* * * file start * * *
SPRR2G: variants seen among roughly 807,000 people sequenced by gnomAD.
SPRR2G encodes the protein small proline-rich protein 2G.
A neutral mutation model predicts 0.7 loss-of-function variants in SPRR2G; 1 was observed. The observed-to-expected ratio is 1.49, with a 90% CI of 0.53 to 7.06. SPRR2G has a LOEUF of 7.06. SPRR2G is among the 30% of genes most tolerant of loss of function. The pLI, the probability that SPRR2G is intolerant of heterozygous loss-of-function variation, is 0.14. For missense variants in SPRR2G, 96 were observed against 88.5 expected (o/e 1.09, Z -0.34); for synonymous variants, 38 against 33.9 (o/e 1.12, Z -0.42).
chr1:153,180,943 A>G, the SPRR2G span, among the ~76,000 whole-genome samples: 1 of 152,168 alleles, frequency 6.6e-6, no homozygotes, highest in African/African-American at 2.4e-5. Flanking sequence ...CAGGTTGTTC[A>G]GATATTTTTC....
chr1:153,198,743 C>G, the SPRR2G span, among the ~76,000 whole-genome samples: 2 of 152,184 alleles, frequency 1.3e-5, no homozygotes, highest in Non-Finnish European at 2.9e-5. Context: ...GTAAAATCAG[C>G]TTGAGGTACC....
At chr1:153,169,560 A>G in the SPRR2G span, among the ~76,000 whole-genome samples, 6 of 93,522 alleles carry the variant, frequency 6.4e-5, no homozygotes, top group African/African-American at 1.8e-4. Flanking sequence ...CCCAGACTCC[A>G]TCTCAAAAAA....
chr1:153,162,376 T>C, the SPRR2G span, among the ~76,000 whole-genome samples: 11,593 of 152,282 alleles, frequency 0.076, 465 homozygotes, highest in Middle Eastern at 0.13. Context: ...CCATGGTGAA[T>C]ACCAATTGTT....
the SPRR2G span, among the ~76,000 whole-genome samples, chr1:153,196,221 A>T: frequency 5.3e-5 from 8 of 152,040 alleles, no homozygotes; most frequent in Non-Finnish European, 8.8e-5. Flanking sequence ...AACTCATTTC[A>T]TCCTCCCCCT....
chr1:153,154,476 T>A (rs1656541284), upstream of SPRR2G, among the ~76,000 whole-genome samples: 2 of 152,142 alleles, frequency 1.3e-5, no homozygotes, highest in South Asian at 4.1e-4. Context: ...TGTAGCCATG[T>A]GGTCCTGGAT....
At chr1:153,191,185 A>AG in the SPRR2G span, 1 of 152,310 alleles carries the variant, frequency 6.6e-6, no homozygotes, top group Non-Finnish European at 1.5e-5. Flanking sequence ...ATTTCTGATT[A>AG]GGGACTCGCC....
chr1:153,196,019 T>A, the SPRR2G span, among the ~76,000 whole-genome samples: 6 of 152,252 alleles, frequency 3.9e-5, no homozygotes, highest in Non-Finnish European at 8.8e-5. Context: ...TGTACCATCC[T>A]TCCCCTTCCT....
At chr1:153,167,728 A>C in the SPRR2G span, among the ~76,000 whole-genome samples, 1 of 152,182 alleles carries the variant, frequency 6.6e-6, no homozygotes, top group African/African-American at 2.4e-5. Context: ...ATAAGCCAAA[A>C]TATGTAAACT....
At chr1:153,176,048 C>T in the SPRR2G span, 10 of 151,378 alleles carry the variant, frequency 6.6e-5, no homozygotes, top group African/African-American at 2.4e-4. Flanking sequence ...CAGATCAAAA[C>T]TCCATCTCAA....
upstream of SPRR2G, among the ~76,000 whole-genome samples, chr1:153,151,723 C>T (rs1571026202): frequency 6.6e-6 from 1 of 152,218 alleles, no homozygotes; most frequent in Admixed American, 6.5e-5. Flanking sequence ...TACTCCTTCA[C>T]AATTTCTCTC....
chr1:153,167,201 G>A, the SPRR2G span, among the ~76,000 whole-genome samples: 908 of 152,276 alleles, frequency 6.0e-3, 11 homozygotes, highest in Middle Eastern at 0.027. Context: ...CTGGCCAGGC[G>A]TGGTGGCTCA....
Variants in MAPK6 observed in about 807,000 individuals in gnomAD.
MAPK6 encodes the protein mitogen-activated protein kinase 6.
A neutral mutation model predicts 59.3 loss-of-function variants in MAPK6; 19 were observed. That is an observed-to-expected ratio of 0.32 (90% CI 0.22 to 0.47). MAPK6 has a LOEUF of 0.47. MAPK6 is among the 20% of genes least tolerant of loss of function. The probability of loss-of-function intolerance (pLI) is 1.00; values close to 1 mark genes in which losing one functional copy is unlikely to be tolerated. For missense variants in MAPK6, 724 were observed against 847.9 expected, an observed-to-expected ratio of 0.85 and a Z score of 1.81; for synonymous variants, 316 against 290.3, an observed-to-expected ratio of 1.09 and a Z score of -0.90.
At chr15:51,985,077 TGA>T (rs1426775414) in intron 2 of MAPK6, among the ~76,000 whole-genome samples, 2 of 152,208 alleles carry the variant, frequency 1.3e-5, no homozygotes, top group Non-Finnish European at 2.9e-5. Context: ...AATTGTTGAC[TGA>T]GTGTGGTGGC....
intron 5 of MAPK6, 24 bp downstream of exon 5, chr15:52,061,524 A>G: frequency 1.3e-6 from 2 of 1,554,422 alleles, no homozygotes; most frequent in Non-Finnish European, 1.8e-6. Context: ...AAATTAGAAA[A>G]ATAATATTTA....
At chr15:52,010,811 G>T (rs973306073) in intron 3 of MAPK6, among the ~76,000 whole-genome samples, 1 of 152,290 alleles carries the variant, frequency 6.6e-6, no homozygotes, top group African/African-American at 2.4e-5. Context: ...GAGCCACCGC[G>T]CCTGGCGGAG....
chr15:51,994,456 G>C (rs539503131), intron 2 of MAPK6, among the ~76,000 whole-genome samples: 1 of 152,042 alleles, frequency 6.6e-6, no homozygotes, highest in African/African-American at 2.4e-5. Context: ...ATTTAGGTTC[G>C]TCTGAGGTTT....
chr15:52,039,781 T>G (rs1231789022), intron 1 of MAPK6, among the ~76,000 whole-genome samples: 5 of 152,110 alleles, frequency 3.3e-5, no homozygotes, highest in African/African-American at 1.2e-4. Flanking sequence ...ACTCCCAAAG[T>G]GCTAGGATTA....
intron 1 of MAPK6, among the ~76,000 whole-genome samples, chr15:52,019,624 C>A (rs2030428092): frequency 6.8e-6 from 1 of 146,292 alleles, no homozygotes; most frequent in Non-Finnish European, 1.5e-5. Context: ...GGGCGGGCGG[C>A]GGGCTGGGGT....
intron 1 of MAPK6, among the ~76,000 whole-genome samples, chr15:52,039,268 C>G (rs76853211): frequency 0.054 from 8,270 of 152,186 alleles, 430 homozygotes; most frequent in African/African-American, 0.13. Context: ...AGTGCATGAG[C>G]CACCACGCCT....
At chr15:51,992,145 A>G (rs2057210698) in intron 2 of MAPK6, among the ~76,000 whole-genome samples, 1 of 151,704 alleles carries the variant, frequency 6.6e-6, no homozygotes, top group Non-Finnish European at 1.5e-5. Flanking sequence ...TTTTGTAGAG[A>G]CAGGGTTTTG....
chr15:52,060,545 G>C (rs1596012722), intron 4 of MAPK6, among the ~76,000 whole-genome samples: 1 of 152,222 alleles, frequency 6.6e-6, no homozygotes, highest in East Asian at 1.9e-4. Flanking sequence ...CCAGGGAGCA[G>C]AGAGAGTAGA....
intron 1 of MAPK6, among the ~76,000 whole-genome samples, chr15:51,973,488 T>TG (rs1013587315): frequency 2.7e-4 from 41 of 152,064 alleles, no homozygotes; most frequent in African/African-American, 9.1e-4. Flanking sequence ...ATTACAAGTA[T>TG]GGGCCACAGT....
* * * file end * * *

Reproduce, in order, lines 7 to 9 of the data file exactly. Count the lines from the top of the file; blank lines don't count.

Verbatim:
chr1:153,162,376 T>C, the SPRR2G span, among the ~76,000 whole-genome samples: 11,593 of 152,282 alleles, frequency 0.076, 465 homozygotes, highest in Middle Eastern at 0.13. Context: ...CCATGGTGAA[T>C]ACCAATTGTT....
the SPRR2G span, among the ~76,000 whole-genome samples, chr1:153,196,221 A>T: frequency 5.3e-5 from 8 of 152,040 alleles, no homozygotes; most frequent in Non-Finnish European, 8.8e-5. Flanking sequence ...AACTCATTTC[A>T]TCCTCCCCCT....
chr1:153,154,476 T>A (rs1656541284), upstream of SPRR2G, among the ~76,000 whole-genome samples: 2 of 152,142 alleles, frequency 1.3e-5, no homozygotes, highest in South Asian at 4.1e-4. Context: ...TGTAGCCATG[T>A]GGTCCTGGAT....